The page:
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|Designed by||John D. Hobby|
|Developer||Taco Hoekwater, Luigi Scarso|
1.8 / 17 June 2013
2.0rc2 / 19 February 2018
|Typing discipline||duck, dynamic, strong|
MetaPost refers to both a programming language and the interpreter of the MetaPost programming language. Both are derived from Donald Knuth's Metafont language and interpreter. MetaPost produces vector graphic diagrams from a geometric/algebraic description. The language shares Metafont's declarative syntax for manipulating lines, curves, points and geometric transformations. However,
- Metafont is set up to produce fonts, in the form of image files (in .gf format) with associated font metric files (in .tfm format), whereas MetaPost produces EPS, SVG, or PNG files
- The output of Metafont consists of the fonts at a fixed resolution in a raster-based format, whereas MetaPost's output is vector-based graphics (lines, Bézier curves)
- Metafont output is monochrome, whereas MetaPost uses RGB or CMYK colors.
- The MetaPost language can include text labels on the diagrams, either strings from a specified font, or anything else that can be typeset with TeX.
- Starting with version 1.8, Metapost allows floating-point arithmetic with 64 bits (default: 32 bit fixed-point arithmetic)
Many of the limitations of MetaPost derive from features of Metafont. For instance, MetaPost does not support all features of PostScript. Most notably, paths can have only one segment (so that regions are simply connected), and regions can be filled only with uniform colours. PostScript level 1 supports tiled patterns and PostScript 3 supports Gouraud shading.
Availability and usage
The encapsulated postscript produced by Metapost can be included in LaTeX, ConTeXt, and TeX documents via standard graphics inclusion commands. The encapsulated postscript output can also be used with the PDFTeX engine, thus directly giving PDF. This ability is implemented in ConTeXt and in the LaTeX graphics package, and can be used from plain TeX via the supp-pdf.tex macro file.
ConTeXt and LuaTeX supports the inclusion of MetaPost code within the input file. Inclusion of MetaPost code in LaTeX is also possible by using LaTeX-packages, for example gmp or mpgraphics.
This is a single file example.mp which when processed by the MetaPost interpreter (via the command
mpost on Linux) produces three eps files example.1, example.2, example.3. These are pictured on the right.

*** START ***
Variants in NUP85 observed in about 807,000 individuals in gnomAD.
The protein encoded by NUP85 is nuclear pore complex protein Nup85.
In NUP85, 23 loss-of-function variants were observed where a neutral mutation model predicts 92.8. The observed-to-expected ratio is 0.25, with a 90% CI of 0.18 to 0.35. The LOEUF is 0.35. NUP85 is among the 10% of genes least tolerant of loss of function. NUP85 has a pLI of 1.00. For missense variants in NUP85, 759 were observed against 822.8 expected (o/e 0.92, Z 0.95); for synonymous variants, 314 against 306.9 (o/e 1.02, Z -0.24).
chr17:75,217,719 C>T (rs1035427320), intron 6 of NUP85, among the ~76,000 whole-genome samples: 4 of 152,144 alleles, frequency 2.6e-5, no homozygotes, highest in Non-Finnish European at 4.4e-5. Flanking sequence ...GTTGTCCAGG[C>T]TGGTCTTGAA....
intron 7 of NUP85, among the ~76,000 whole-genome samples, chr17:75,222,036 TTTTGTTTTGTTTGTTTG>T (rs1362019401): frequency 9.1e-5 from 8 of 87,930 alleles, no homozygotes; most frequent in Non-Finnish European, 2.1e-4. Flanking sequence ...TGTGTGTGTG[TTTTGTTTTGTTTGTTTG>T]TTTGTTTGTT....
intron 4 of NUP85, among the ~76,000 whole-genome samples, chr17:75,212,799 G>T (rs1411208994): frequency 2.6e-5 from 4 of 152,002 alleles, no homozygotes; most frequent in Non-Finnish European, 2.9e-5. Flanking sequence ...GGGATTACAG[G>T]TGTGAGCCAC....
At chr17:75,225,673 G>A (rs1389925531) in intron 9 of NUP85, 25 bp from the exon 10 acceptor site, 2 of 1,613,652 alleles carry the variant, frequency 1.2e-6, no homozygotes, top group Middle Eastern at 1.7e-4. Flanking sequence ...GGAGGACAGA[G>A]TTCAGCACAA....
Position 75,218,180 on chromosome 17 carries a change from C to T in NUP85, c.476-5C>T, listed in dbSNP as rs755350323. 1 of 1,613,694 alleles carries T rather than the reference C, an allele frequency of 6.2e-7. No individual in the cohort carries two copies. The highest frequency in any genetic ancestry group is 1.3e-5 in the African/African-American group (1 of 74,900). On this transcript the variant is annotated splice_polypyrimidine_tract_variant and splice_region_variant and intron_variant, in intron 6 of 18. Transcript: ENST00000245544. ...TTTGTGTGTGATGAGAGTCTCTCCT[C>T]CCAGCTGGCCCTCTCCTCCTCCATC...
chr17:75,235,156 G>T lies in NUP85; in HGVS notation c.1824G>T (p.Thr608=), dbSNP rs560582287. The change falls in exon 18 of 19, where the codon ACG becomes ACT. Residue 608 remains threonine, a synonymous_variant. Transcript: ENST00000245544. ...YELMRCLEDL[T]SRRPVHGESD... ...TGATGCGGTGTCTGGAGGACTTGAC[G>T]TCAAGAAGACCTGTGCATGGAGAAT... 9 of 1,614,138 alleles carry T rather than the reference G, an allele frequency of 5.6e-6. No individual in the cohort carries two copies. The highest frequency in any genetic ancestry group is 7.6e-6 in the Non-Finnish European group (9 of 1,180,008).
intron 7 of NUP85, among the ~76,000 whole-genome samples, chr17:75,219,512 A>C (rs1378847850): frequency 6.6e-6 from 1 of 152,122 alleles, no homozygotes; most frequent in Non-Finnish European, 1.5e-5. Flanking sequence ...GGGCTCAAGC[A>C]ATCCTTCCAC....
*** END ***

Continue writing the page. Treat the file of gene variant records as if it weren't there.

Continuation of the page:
transform pagecoords; pagecoords:=identity scaled 10mm shifted (100mm,150mm); beginfig (1) fill ((0,0)--(2,0)--(2,1)--(1,1)--(1,2)--(0,2)--cycle) transformed pagecoords withcolor green; draw ((2,0)..(2,1)..(1,1)..(1,2)..(0,2)) transformed pagecoords; drawarrow ((0,0)--(2,2)) transformed pagecoords; endfig; beginfig (2) draw (for i=0 upto 7: dir (135i)-- endfor cycle) transformed pagecoords; endfig; pagecoords:=identity scaled 15mm shifted (100mm,150mm); beginfig (3); % declare paths to be used path p,pt; % set up points by defining relationships z1=(0,0); z2=z1+2up; z3=z1+whatever*dir (60)=z2+whatever*dir (-50); z4=z3+(-1.5,-.5); z5=z1+dir (135); z0=whatever[z1,z2]=whatever[z3,z4]; % set up paths p0=fullcircle yscaled .5 rotated 45 shifted z0 ; p1=z2---z4..z0..z3---z1; p2=p1 cutbefore p0 cutafter p0; p3=p0 cutbefore p1 cutafter p1; p4=p2---p3---cycle; % define transformed versions of paths and points for i=0 upto 4: p[i]t=p[i] transformed pagecoords; endfor for i=0 upto 5: z[i]t=z[i] transformed pagecoords; endfor % do some drawing fill p4t withcolor (1,1,0.2); draw z1t---z2t withcolor .5white; draw z3t---z4t withcolor .5white; pickup pencircle; draw p0t dashed withdots scaled .3; draw p1t dashed evenly; draw p2t withcolor blue; draw p3t withcolor red; label.lrt (btex $z_0$ etex, z0t); label.llft (btex $z_1$ etex, z1t); label.top (btex $z_2$ etex, z2t); label.rt (btex $z_3$ etex, z3t); label.llft (btex $z_4$ etex, z4t); for i=0 upto 4: drawdot z[i]t withpen pencircle scaled 2; endfor endfig; bye
The resulting three eps files can be used in TeX via LaTeX's
\includegraphics command, ConTeXt's
\externalfigure, Plain TeX's
\epsfbox command, or (in Plain pdftex) the
\convertMPtoPDF command from supp-pdf.tex. To view or print the third diagram, this inclusion is necessary, as the TeX fonts (Computer Modern) are not included in the eps files produced by MetaPost by default.
- Hagen, Hans. "MetaFun" (modules for Metapost).
- Knuth, Donald (1986). The METAFONTbook. Computers and Typesetting. C. Addison-Wesley. ISBN 0-201-13444-6.
- "Comprehensive TEX Archive Network" (CTAN). Repository of the TEX source and hundreds of add-ons and style files.
- "(La)TeX Navigator provides 305 simple MetaPost examples".
- Hoekwater, Taco (2006). "MetaPost developments—autumn 2006" (PDF). TUGboat. 27 (1).
- The TeX users group (TUG) http://www.tug.org/ has a page devoted to MetaPost: http://www.tug.org/metapost.html
- Active development of MetaPost continues at https://web.archive.org/web/20070929092912/http://foundry.supelec.fr/projects/metapost/
- Functional MetaPost allows MetaPost to be used from the functional programming language Haskell
- John D. Hobby has a homepage at http://ect.bell-labs.com/who/hobby/index.shtml and some other pages and publications devoted to MetaPost, though these are now a little dated
- Historic MetaPost homepage: https://web.archive.org/web/20081212090123/http://ect.bell-labs.com/who/hobby/MetaPost.shtml
- A User's Manual for MetaPost John D. Hobby. Available as a file mpman.ps distributed with MetaPost, or from the Bell Labs web site. Also available in PDF format from CTAN.
- Troy Henderson's Online MetaPost Previewer